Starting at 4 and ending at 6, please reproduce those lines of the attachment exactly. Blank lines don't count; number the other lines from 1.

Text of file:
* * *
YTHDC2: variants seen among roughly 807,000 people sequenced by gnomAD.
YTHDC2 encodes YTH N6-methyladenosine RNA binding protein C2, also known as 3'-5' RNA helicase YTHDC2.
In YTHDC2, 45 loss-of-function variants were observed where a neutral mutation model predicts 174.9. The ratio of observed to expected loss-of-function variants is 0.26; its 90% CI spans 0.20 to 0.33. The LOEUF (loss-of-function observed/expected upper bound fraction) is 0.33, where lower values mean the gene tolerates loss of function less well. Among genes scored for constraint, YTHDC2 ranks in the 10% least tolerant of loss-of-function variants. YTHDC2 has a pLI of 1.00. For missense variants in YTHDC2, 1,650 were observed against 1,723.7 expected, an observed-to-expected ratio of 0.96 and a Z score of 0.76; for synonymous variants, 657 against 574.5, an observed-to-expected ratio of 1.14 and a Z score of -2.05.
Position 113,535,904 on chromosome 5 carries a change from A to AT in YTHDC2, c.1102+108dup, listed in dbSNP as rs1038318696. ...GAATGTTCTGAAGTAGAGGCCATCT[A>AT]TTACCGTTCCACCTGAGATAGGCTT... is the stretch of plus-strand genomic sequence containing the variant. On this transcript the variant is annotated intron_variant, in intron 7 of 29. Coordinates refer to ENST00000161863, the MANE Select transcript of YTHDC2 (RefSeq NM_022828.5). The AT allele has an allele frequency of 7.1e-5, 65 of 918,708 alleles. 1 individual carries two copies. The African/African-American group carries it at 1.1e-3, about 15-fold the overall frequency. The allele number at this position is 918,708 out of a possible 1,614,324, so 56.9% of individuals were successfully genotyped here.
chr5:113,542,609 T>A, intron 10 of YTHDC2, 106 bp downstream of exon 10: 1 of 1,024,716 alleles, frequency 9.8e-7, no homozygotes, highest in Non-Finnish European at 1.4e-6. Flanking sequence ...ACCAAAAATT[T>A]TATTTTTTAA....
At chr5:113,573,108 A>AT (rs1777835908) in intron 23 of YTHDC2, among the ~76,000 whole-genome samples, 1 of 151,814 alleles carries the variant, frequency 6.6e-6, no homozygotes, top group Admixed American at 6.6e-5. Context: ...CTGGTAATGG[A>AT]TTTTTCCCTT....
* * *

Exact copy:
Position 113,535,904 on chromosome 5 carries a change from A to AT in YTHDC2, c.1102+108dup, listed in dbSNP as rs1038318696. ...GAATGTTCTGAAGTAGAGGCCATCT[A>AT]TTACCGTTCCACCTGAGATAGGCTT... is the stretch of plus-strand genomic sequence containing the variant. On this transcript the variant is annotated intron_variant, in intron 7 of 29. Coordinates refer to ENST00000161863, the MANE Select transcript of YTHDC2 (RefSeq NM_022828.5). The AT allele has an allele frequency of 7.1e-5, 65 of 918,708 alleles. 1 individual carries two copies. The African/African-American group carries it at 1.1e-3, about 15-fold the overall frequency. The allele number at this position is 918,708 out of a possible 1,614,324, so 56.9% of individuals were successfully genotyped here.
chr5:113,542,609 T>A, intron 10 of YTHDC2, 106 bp downstream of exon 10: 1 of 1,024,716 alleles, frequency 9.8e-7, no homozygotes, highest in Non-Finnish European at 1.4e-6. Flanking sequence ...ACCAAAAATT[T>A]TATTTTTTAA....
At chr5:113,573,108 A>AT (rs1777835908) in intron 23 of YTHDC2, among the ~76,000 whole-genome samples, 1 of 151,814 alleles carries the variant, frequency 6.6e-6, no homozygotes, top group Admixed American at 6.6e-5. Context: ...CTGGTAATGG[A>AT]TTTTTCCCTT....